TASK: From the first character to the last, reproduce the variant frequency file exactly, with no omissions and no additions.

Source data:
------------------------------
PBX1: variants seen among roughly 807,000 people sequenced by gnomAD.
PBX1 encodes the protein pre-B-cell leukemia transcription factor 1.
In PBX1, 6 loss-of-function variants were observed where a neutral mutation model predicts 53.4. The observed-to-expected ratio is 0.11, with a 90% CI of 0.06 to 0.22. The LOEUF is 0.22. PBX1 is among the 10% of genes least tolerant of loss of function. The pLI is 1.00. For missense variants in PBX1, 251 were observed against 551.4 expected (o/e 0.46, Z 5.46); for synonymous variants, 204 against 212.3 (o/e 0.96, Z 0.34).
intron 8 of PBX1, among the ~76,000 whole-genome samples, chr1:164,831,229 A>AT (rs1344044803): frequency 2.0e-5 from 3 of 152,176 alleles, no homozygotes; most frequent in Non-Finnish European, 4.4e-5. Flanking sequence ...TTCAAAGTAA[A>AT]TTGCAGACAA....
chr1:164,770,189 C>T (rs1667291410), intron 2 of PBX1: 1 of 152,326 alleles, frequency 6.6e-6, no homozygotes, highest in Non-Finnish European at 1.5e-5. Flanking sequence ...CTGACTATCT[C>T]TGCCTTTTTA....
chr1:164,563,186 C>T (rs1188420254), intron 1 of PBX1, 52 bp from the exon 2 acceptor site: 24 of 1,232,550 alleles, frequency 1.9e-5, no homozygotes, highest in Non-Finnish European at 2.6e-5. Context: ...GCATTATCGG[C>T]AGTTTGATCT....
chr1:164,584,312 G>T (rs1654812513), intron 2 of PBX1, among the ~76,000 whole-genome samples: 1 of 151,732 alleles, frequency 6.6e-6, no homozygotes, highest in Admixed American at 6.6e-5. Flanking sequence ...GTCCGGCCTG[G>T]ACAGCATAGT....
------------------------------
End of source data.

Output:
PBX1: variants seen among roughly 807,000 people sequenced by gnomAD.
PBX1 encodes the protein pre-B-cell leukemia transcription factor 1.
In PBX1, 6 loss-of-function variants were observed where a neutral mutation model predicts 53.4. The observed-to-expected ratio is 0.11, with a 90% CI of 0.06 to 0.22. The LOEUF is 0.22. PBX1 is among the 10% of genes least tolerant of loss of function. The pLI is 1.00. For missense variants in PBX1, 251 were observed against 551.4 expected (o/e 0.46, Z 5.46); for synonymous variants, 204 against 212.3 (o/e 0.96, Z 0.34).
intron 8 of PBX1, among the ~76,000 whole-genome samples, chr1:164,831,229 A>AT (rs1344044803): frequency 2.0e-5 from 3 of 152,176 alleles, no homozygotes; most frequent in Non-Finnish European, 4.4e-5. Flanking sequence ...TTCAAAGTAA[A>AT]TTGCAGACAA....
chr1:164,770,189 C>T (rs1667291410), intron 2 of PBX1: 1 of 152,326 alleles, frequency 6.6e-6, no homozygotes, highest in Non-Finnish European at 1.5e-5. Flanking sequence ...CTGACTATCT[C>T]TGCCTTTTTA....
chr1:164,563,186 C>T (rs1188420254), intron 1 of PBX1, 52 bp from the exon 2 acceptor site: 24 of 1,232,550 alleles, frequency 1.9e-5, no homozygotes, highest in Non-Finnish European at 2.6e-5. Context: ...GCATTATCGG[C>T]AGTTTGATCT....
chr1:164,584,312 G>T (rs1654812513), intron 2 of PBX1, among the ~76,000 whole-genome samples: 1 of 151,732 alleles, frequency 6.6e-6, no homozygotes, highest in Admixed American at 6.6e-5. Flanking sequence ...GTCCGGCCTG[G>T]ACAGCATAGT....